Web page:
The Struggle for Self-Determination: History of the Menominee Indians since 1854

By David R. M. Beck | Go to book overview

CHAPTER SEVEN
From Allotment to
Incorporation

Federal mismanagement and control over Menominee resources only served to increase Menominee resentment of U.S. oversight and to strengthen tribal resolve to do something about it. The 1920s proved to be a crucial decade in the history of Menominee political resistance and self-determination. During the 1920s the tribe attempted to hold the United States to its major responsibility—directing tribal development under the 1908 law. Instead of fulfilling this duty, federal officials attempted to make one after another astonishing changes that, in the federal view, would bring the tribe to self-sufficiency. Though the Menominee also desired self-sufficiency, they were unwilling to permit the United States to relinquish its trust-based responsibility to the tribe. Although the Menominee considered all of the federal proposals and made some proposals of their own, tribal leaders could not come to an agreement with federal officials on how they should be carried out, and eventually they rejected them. The outcome of two key issues, allotment and incorporation, helped shape modern Menominee governance.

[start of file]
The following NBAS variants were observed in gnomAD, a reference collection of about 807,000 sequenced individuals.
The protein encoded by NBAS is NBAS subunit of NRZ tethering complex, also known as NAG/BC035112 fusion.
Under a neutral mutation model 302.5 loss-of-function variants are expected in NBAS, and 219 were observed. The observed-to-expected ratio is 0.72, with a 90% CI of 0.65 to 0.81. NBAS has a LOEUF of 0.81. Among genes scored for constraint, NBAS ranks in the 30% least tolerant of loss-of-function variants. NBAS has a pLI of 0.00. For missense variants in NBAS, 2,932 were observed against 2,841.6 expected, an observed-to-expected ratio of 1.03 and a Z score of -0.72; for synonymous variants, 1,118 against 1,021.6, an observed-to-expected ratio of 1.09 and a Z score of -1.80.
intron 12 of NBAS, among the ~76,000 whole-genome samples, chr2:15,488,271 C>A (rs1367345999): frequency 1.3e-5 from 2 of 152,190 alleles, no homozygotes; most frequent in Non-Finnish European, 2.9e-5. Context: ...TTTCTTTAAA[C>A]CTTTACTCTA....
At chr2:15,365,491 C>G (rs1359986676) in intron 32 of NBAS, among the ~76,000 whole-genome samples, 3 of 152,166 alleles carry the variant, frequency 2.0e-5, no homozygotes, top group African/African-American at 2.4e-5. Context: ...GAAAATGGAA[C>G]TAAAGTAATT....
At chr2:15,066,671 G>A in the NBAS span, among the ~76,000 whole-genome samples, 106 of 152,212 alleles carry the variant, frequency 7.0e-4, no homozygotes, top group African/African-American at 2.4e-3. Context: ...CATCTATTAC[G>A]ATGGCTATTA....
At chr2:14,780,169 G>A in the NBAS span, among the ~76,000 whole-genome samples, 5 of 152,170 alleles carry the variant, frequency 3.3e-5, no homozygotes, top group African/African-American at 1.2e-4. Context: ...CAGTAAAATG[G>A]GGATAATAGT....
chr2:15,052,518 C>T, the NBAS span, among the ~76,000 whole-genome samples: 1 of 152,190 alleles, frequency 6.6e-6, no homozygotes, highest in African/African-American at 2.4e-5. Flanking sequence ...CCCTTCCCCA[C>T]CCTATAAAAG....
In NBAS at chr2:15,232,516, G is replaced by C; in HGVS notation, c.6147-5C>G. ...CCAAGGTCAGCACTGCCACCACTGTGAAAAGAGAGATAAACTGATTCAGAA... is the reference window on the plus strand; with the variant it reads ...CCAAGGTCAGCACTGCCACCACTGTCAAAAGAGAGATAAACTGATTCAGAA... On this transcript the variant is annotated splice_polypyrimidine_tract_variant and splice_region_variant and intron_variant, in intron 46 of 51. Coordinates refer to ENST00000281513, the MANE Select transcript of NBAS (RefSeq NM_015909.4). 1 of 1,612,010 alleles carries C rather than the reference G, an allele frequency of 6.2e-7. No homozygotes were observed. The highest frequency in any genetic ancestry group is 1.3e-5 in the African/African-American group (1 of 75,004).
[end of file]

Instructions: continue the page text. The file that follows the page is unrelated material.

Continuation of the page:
ALLOTMENT

Despite the tribe’s rich forest resource, the Indian Service continued to hope to individualize Menominee holdings and to turn tribal members into farmers. The Menominee accepted the concept of allotment in 1919 under Superintendent Edgar A. Allen, a strong supporter of allotment as a method to end federal supervision of Indians, but they did not accept it under the terms Allen proposed. Not until the late 1920s would the fundamental differences between the Menominee and federal definitions of allotment become fully crystallized.

Allen pushed the Menominee to allot because it would be a first step toward removing Indians from federal responsibility, toward providing “equal rights and equal opportunity” for all races.1 Allen, according to J. P. Kinney, “never regarded seriously the provisions of the act of March 28, 1908 … requiring

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